HEB also takes care of the house
It’s just one store – not many compared to the others mentioned here – but it’s the first major development. HEB, a Texas-based chain of upscale grocery stores (the company wisely changed its name from HE Butt), has just opened its first in-store home department at a new location in New Braunfels, just outside of Austin.

Set in a massive 122,000 square feet that also includes a two-story True Texas BBQ restaurant, Home by HEB includes hundreds of items ranging from furniture to textiles and decorative accessories under two private labels, Haven + Key and Texas Proud. It’s the heart of Texas cowboy country, with the latest label featuring wood and antler craft, leather goods, and cowhide benches.

HEB is not talking about plans to add more in-house departments, but judging by what competitors are doing, it’s no wonder there will be more in the future. Whole Foods has been selling homewares for a long time and has even experimented with standalone homewares stores or adjoining spaces with their own entrances. Kroger, the largest supermarket chain, has been expanding its home-to-home offerings for years, working with the Fred Meyer nameplate, which has long combined home and groceries. And, of course, Walmart and Target sold both product categories in their major supermarkets.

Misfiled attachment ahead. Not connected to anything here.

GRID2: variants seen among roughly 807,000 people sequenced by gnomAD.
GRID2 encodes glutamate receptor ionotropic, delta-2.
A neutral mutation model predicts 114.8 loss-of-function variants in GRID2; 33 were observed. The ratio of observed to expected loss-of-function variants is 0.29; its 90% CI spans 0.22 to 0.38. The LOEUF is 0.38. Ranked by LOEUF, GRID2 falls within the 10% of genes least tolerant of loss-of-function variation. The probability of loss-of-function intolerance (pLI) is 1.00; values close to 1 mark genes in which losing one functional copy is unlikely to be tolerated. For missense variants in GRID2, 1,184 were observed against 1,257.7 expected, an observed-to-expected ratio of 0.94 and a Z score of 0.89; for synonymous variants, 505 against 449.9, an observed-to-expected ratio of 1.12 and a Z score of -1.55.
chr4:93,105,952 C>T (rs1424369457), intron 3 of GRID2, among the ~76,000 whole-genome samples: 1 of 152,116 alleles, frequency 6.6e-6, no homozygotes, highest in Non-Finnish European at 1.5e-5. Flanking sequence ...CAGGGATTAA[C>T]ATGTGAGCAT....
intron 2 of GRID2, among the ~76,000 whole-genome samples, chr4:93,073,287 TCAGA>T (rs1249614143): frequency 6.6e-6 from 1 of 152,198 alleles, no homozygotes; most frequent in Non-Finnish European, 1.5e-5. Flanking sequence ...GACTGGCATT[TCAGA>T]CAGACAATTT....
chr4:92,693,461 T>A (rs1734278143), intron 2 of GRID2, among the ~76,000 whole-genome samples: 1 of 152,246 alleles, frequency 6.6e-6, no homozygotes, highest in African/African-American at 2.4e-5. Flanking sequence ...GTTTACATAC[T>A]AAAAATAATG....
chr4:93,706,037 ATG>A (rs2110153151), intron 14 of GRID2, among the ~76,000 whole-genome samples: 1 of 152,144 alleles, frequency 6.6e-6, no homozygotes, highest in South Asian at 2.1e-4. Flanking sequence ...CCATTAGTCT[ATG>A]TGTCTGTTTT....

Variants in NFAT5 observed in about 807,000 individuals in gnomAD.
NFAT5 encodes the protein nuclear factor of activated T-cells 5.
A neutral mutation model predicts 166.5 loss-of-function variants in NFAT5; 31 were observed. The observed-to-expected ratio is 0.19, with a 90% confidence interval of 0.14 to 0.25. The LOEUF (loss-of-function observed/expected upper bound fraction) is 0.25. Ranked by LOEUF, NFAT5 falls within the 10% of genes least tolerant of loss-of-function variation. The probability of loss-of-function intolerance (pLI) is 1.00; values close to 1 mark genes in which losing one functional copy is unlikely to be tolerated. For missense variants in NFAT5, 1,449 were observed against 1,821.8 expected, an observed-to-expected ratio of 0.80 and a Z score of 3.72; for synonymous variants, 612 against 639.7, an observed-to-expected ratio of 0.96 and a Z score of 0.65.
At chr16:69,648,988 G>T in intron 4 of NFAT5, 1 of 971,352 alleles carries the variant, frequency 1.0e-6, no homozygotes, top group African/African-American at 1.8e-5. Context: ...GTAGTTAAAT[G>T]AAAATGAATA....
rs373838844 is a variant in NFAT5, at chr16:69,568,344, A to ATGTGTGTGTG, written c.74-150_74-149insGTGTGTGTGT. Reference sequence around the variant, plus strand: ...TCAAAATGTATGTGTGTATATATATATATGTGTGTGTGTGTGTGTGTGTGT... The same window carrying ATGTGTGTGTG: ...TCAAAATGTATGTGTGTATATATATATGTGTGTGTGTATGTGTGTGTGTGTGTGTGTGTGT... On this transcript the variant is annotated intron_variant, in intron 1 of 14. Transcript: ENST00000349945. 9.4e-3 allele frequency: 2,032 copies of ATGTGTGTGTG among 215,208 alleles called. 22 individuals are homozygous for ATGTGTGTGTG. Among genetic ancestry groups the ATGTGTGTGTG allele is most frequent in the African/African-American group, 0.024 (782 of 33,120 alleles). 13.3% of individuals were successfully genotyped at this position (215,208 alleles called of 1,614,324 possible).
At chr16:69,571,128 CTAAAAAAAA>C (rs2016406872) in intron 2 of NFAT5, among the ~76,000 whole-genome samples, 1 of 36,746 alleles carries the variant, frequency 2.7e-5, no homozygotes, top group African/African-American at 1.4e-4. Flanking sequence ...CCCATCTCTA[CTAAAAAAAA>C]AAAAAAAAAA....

So, yes, the home furniture business is back on the ground. But for many retailers, expanding their presence in this category remains fertile ground.

Front page photo: ©Kittiphan/Adobe Stock

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Warren Shoulberg is a former editor-in-chief of several leading B2B publications. He was a visiting lecturer at Columbia University’s Graduate School of Business; received awards from the International Furniture and Design Association and the Fashion Institute of Technology; and was quoted The Wall Street Journal, The New York Times, The Washington Post, CNN and other media as a leading industry expert. His Retail Watch columns offer in-depth industry insights into major markets and product categories.